In 2016, the MDMA Therapy Training Program was redesigned to prepare dozens of therapists for working on the Phase 3 clinical trials that will soon be started by the Multidisciplinary Association for Psychedelic Studies (MAPS). Since, then the program has trained over 200 therapists and researchers, 80 of whom are co-therapists embarking on MAPS-sponsored MDMA-assisted psychotherapy for posttraumatic stress disorder (PTSD) clinical trials in 2018.
Supervision is a primary focus of MAPS’ current open-label Phase 2 trials, and will continue to be an important piece of the training program going forward. Amongst the 2016 program updates, we added clinical supervision as the final process of initiating new MDMA-assisted psychotherapy providers. In MAPS’ MDMA clinical trials, therapy sessions are always conducted by two therapy providers, in a co-therapy pair. Clinical supervision (or just “supervision”) entails close oversight and support of the first study participant treated by each co-therapy pair. There are many forms of study monitoring, including sponsor visits to study sites, data monitoring, medical monitoring, and adherence rating. These are all typical functions for conducting sound clinical research. Supervision adds an element of clinical support and oversight specific to the application of the therapeutic method, as outlined in the Treatment Manual. Supervisors offer insight and feedback as therapy pairs put into practice the knowledge gained through their training.
Supervision is an ethical commitment to providing competent care to clients by supporting the development of practitioners, and an industry standard in the training of therapists. It is also a requirement for gaining licensure to practice psychotherapy in most jurisdictions, and a common practice in many certificate programs. MAPS and the MAPS Public Benefit Corporation (MPBC) are dedicated to ensuring the integrity of MDMA-assisted psychotherapy trials. As the number of study sites expands, currently 16 in the US, Canada and Israel, so do our efforts to maintain consistent and high-quality care across the sites.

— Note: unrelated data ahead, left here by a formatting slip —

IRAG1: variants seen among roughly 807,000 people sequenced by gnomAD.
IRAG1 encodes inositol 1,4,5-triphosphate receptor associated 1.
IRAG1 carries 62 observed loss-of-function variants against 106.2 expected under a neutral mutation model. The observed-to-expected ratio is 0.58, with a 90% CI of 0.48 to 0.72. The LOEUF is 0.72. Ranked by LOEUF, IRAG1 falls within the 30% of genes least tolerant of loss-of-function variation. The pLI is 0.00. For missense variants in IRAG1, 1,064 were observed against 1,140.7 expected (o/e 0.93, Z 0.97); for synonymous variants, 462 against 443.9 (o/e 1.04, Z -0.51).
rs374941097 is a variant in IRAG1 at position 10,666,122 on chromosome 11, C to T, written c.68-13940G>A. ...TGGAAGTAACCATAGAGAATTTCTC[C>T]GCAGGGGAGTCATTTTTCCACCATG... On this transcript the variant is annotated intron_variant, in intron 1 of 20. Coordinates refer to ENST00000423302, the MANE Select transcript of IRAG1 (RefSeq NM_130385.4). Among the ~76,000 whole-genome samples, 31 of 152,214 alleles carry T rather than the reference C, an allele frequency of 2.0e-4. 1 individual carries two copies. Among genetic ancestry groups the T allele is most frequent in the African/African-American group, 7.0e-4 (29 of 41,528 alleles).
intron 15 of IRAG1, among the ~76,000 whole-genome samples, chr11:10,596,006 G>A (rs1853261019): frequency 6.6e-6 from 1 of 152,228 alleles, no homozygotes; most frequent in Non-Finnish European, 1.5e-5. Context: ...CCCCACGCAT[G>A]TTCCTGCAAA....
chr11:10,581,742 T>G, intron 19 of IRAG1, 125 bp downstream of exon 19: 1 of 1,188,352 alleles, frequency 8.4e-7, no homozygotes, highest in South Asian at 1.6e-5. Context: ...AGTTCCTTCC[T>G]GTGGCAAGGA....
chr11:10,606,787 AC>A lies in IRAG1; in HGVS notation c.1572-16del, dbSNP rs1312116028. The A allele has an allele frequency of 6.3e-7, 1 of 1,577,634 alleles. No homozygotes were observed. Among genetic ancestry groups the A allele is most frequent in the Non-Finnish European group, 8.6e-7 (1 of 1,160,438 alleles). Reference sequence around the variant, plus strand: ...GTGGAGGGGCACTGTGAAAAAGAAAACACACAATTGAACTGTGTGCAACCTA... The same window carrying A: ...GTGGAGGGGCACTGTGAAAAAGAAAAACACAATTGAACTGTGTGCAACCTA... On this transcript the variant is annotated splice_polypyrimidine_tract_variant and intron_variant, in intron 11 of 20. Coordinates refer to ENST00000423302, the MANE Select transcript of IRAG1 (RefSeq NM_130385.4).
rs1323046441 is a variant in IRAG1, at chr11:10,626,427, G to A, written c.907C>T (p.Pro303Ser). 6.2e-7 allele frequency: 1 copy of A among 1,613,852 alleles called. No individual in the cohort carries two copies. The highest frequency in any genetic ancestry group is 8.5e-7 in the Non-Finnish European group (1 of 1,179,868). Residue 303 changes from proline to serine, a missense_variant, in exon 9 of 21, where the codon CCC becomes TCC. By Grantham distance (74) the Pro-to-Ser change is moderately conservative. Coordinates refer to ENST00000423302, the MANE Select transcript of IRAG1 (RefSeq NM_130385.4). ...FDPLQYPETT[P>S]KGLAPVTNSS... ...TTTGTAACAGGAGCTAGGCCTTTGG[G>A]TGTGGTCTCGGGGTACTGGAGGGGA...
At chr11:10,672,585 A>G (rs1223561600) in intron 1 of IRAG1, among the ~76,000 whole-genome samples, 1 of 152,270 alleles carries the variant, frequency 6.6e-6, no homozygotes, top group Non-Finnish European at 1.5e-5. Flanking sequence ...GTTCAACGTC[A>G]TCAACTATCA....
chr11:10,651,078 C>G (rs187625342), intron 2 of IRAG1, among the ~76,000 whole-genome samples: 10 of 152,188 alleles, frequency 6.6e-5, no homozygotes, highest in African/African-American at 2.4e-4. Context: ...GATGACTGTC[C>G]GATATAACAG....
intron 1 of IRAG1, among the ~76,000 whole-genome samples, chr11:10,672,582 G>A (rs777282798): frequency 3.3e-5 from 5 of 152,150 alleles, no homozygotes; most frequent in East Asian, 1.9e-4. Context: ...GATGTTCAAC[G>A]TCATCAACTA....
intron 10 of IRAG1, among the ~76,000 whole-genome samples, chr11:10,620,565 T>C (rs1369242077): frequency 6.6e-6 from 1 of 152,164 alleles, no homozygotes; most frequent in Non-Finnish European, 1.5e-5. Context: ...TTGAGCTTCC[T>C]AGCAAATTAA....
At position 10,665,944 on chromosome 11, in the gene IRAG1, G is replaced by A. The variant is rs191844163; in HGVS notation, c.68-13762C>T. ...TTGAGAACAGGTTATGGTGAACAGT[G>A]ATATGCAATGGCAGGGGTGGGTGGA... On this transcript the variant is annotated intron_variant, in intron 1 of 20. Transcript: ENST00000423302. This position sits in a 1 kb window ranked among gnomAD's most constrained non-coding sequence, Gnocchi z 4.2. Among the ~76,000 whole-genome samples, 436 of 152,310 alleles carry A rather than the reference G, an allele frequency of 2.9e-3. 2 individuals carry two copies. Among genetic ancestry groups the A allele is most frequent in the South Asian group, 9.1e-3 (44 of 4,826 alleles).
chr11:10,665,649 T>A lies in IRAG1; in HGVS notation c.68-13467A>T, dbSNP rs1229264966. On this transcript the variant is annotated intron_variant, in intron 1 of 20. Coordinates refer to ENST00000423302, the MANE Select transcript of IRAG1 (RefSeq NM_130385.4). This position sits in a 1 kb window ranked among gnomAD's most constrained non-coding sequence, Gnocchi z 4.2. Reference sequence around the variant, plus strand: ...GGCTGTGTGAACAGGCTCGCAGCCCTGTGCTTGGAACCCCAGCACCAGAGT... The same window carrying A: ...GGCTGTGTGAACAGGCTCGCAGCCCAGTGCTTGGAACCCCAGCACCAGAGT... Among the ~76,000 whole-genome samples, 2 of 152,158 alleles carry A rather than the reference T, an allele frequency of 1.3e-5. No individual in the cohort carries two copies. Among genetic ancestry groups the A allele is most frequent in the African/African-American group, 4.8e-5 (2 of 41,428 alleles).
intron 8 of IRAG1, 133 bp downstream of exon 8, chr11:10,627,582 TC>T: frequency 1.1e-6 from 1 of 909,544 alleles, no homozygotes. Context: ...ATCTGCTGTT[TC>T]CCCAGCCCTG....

The extra support that supervision provides allows newly trained providers to obtain guidance and ask questions during their first experiences treating clients in a new modality. The lived experience of a supervisor provides invaluable insight for supervisees. A senior practitioner has knowledge beyond the curriculum of the training program, and understands the practicalities of applying a therapeutic model in the real-world.
In MAPS-sponsored trials, the supervisor role is filled by lead therapists, researchers who are experienced in providing MDMA-assisted psychotherapy. They are intimately familiar with the therapy method and protocol. The current supervisors have all published results from MAPS-sponsored Phase 2 trials, and are the trainers in our MDMA Therapy Training Program. They currently include Annie Mithoefer, B.S.N., Marcela Ot’alora, L.P.C., and Michael Mithoefer, M.D.
Supervision in our current active open-label Phase 2 “lead-in” trials is closely linked to adherence rating. Adherence rating is the process of evaluating video-recorded therapy sessions according to specific criteria, assessing how closely co-therapy pairs adhere to the Treatment Manual and study protocol. Both adherence rating and supervision ensure a standardized therapeutic approach across many sites with dozens of providers. This standardized method increases data efficacy in clinical trials, as well as consistency and quality of care for study participants. The ratings serve as an internal cross-check, ensuring that the modality outlined in the protocol is indeed the same modality used at each study site. Adherence ratings also provide a feedback loop for training, highlighting areas where providers need more support, and where the training program can update its curriculum for future cohorts.
Examples of adherence criteria include such statements as “Therapists inquired about the participant’s knowledge regarding PTSD and/or provided education about it as needed” and “Therapists created and communicated a setting of safety and support.” Each criterion is rated “Yes” or “No.” There are 24 adherence criteria for Preparatory Sessions, 20 for Experimental Sessions, and 12 for Integrative Sessions. Additionally, there are eight Competence Criteria for each session type. The Adherence Rater Manual is currently being updated, and will soon be available online.